|Title:||A seat at the table: Giving visitors a voice in exhibition development through user testing|
|Authors:||Emily Hellmuth, Silvia Filippini Fantoni, Tiffany Leason, Jen Mayhill|
|Publication:||MW2016: Museums and the Web 2016|
Since the Indianapolis Museum of Art (IMA) introduced a visitor-centered exhibition development process in 2013, user testing of analog and digital interpretive tools in both the conceptual and implementation stages has been a fundamental part of the process. User testing is an important tool in gauging visitors’ interest in a specific activity. It also helps to determine if interpretive tools are intuitive, engaging, and easy to use, so that changes can be made before installing them in the galleries. The systematic incorporation of user testing in the exhibition development process has resulted in the implementation of a number of successful interactives, which have realized high take-up rates and have received positive feedback from visitors of all ages, thus contributing to the overall increase in satisfaction with our exhibitions.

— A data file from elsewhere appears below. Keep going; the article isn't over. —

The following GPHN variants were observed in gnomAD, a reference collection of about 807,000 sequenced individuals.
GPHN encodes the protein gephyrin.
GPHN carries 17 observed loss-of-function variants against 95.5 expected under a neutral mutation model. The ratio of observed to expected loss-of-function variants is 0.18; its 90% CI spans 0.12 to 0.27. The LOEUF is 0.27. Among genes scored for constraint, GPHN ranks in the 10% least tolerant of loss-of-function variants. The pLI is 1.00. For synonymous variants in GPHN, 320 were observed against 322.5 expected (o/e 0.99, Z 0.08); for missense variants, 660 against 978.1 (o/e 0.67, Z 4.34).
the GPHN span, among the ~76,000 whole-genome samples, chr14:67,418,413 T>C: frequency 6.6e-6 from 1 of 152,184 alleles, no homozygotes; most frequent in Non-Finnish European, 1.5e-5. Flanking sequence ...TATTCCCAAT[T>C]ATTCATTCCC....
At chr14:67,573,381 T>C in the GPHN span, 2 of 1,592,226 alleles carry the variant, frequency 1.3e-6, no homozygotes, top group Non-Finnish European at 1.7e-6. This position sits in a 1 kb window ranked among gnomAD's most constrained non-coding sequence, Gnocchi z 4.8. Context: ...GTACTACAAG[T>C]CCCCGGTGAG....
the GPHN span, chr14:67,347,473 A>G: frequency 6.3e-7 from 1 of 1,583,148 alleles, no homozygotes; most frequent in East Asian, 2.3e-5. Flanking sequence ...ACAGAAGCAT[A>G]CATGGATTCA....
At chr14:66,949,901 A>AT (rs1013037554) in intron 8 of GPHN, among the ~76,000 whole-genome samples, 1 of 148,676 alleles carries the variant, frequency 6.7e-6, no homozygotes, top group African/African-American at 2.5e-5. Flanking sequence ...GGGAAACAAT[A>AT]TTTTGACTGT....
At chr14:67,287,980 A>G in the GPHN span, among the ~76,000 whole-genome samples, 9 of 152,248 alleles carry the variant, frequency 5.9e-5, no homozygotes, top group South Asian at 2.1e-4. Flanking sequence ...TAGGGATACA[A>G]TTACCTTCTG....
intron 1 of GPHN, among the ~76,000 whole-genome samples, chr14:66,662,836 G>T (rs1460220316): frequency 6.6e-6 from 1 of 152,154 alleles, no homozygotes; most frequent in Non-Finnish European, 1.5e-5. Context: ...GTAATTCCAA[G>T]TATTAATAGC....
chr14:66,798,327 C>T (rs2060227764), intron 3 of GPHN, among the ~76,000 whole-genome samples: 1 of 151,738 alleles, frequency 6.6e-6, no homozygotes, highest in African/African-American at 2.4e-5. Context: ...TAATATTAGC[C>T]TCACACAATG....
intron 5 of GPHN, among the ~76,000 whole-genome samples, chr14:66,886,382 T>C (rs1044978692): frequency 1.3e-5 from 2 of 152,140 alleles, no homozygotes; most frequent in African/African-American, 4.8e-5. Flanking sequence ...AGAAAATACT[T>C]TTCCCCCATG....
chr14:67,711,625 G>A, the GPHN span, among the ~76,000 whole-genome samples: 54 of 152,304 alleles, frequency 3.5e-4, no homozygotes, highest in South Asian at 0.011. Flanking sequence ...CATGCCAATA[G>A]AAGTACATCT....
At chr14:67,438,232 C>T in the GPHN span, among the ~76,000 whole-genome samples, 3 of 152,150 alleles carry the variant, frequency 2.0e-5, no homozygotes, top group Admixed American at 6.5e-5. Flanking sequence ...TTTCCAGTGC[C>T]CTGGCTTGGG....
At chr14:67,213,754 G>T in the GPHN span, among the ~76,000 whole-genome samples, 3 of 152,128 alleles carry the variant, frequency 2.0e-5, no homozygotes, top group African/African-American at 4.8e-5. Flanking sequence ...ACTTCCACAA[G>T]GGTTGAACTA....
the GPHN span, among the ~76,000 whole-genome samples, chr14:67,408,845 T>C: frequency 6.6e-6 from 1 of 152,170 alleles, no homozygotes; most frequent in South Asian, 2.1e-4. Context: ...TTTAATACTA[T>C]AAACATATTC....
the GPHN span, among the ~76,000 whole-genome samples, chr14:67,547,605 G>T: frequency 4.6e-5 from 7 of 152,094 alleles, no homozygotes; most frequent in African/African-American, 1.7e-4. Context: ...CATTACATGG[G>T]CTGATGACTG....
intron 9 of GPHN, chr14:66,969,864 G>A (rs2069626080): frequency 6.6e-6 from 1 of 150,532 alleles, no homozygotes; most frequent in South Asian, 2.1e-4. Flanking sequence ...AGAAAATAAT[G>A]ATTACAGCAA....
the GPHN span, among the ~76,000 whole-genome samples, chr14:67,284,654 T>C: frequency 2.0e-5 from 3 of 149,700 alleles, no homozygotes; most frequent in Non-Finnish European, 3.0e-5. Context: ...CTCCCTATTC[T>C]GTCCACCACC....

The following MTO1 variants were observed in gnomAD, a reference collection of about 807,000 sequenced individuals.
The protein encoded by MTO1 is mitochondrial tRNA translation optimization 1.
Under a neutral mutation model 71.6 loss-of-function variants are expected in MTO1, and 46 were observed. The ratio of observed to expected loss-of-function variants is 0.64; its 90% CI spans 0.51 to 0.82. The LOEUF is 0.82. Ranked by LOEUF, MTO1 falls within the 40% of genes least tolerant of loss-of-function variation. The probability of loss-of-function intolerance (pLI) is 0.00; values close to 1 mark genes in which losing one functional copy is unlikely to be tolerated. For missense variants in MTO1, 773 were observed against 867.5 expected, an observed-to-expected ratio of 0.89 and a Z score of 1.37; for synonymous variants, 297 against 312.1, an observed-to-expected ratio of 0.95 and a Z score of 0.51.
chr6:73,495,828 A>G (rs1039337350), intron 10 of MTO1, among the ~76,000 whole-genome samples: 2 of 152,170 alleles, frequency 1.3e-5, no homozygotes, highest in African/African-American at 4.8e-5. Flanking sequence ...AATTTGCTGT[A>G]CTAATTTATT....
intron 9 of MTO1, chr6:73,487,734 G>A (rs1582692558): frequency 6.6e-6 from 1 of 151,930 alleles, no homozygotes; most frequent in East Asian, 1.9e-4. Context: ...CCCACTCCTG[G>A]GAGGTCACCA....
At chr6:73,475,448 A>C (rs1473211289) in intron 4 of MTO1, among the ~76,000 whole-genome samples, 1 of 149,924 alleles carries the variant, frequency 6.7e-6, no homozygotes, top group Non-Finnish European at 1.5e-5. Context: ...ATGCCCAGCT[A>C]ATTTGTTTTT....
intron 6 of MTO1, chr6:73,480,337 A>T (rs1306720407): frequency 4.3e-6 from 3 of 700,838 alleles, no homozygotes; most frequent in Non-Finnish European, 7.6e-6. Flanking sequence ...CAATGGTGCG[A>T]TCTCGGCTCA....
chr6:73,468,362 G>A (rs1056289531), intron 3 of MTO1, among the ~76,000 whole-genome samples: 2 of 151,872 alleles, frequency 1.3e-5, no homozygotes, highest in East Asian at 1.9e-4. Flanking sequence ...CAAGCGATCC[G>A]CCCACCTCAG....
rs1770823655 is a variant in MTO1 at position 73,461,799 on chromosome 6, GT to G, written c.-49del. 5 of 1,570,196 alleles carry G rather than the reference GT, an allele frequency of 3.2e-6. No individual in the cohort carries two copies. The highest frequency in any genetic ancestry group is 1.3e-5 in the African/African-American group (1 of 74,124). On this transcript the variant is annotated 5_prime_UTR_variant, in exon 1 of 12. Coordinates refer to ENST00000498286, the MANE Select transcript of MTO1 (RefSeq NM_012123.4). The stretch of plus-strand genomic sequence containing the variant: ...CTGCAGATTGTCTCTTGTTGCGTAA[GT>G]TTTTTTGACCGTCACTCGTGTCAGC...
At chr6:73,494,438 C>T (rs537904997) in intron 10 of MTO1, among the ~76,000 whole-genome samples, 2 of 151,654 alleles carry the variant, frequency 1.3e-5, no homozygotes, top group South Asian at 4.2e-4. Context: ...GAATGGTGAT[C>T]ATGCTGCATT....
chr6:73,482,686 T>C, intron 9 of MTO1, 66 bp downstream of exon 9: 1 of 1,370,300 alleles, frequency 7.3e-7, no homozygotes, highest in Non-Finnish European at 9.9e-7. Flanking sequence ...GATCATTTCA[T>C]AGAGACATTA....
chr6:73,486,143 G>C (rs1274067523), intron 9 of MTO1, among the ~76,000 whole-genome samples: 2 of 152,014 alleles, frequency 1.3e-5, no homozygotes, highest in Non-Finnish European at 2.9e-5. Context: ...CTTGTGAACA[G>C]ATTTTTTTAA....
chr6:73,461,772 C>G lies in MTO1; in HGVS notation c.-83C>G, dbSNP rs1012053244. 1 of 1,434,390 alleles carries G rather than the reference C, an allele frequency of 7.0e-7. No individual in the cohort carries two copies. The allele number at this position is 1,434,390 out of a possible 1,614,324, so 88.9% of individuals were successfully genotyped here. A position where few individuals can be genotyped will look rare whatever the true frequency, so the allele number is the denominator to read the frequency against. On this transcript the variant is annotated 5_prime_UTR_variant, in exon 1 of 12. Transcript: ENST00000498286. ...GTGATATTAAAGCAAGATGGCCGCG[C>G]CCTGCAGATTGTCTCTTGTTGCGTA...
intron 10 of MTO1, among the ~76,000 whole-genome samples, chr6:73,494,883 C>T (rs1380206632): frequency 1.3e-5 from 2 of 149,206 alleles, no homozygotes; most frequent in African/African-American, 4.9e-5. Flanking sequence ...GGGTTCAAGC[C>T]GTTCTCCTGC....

This paper will reiterate the importance of user testing, particularly when it comes to technology-based projects, and highlight some of the things learned in the past few years from using this strategy both in the front-end and formative stages. Staffers will also discuss different approaches to user testing and share takeaways from experiences with mobile testing stations and Test It Lab, including advantages and disadvantages of each model. At a time when many museums, and art museums in particular, are considering introducing user testing into their practice in a more methodical way, the IMA may be able to help these institutions make informed decisions about how to move forward.